SO YOU WANT TO LIVE FOREVER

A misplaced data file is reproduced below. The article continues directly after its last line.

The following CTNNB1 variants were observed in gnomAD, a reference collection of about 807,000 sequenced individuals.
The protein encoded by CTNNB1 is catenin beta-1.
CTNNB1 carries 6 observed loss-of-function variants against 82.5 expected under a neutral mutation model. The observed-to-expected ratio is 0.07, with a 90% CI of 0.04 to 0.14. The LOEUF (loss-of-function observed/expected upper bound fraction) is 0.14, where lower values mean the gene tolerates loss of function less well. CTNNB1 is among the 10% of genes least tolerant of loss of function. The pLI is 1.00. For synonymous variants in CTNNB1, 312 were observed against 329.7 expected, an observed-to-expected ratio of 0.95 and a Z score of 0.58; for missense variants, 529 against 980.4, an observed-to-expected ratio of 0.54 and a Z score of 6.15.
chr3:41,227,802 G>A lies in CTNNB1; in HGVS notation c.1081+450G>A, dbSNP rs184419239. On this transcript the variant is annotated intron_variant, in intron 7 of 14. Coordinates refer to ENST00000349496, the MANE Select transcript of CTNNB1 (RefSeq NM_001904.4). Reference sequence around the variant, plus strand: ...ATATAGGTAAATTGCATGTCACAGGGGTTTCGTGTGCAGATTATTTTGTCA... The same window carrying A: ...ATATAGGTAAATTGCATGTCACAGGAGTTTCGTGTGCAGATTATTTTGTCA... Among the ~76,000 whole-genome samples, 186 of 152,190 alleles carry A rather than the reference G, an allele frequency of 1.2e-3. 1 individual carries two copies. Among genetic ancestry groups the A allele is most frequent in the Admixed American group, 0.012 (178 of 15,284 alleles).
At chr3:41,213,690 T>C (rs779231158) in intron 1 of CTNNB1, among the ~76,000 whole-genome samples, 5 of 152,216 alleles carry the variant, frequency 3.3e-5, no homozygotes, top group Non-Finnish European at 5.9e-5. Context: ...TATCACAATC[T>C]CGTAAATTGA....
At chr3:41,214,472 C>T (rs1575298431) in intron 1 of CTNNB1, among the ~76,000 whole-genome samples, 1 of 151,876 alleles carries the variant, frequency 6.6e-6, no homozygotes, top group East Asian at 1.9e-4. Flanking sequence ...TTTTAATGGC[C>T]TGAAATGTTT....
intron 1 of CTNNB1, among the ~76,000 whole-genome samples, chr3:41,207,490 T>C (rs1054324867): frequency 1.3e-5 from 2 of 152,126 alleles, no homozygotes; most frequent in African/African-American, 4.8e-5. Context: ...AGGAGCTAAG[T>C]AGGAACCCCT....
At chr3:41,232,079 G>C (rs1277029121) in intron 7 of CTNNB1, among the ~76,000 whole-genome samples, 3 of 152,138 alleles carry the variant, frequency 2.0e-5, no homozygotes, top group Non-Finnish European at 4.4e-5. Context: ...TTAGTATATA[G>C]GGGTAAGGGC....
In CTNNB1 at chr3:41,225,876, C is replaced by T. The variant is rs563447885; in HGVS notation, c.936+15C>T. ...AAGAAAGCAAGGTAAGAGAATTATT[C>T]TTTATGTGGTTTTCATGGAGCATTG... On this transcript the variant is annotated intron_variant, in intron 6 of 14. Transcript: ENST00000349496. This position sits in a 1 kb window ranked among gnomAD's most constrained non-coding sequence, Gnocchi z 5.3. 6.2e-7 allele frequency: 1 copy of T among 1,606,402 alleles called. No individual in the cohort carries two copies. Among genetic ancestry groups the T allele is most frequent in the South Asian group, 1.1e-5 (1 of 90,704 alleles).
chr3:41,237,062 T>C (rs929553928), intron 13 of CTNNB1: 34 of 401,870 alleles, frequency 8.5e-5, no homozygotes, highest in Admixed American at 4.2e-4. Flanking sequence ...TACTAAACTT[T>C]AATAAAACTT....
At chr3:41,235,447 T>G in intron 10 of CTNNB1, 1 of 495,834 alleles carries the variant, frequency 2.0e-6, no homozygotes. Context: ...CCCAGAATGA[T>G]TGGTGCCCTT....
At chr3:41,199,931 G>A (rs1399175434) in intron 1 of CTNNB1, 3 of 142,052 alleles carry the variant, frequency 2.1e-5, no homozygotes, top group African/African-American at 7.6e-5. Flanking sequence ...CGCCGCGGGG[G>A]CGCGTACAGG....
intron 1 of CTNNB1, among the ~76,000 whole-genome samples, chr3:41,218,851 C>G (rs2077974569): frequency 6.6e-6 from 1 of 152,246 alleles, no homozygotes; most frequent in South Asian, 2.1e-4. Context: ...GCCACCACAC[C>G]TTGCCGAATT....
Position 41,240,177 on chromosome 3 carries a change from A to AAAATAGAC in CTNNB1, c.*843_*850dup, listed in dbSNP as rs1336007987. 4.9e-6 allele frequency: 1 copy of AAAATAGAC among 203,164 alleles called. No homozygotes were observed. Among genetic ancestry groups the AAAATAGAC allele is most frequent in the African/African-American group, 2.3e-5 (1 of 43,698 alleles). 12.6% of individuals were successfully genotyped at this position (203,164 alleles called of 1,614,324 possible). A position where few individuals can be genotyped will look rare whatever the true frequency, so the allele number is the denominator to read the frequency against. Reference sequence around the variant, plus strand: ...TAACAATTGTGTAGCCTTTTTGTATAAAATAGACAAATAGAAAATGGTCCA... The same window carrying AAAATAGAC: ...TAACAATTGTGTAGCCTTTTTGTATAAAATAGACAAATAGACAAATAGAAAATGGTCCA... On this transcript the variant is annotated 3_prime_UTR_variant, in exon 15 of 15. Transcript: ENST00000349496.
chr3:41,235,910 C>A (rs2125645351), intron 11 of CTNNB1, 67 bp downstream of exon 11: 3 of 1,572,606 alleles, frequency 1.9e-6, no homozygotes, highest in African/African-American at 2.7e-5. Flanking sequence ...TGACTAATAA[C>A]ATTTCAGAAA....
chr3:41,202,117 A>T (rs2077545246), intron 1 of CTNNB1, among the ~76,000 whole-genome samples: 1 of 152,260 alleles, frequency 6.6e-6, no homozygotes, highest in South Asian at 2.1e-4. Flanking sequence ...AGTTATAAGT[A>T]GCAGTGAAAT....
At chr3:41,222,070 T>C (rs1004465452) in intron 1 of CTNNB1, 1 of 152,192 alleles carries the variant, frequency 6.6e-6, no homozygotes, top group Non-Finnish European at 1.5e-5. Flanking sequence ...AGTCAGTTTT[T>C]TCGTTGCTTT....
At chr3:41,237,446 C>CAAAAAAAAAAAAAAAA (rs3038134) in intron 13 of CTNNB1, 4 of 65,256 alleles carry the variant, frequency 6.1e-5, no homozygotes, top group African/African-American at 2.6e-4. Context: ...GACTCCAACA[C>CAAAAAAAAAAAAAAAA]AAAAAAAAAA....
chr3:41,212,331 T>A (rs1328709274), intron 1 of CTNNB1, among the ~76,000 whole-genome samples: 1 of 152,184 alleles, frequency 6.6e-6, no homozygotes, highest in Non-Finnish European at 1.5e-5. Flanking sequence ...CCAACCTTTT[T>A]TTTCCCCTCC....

CRYONICS, MIND UPLOADING, ANTI-AGEING ELIXIRS – THE LIFE-EXTENSION TOOLS YOU ONCE READ ABOUT ARE NOW REAL . GQ EXPLORES THE PEOPLE, TECH AND SCIENCE BEHIND THE RISE OF RESEARCH INTO IMMORTALITY, AND THE FIRM BELIEF WE’LL SOON BE LIVING LONGER THAN EVER.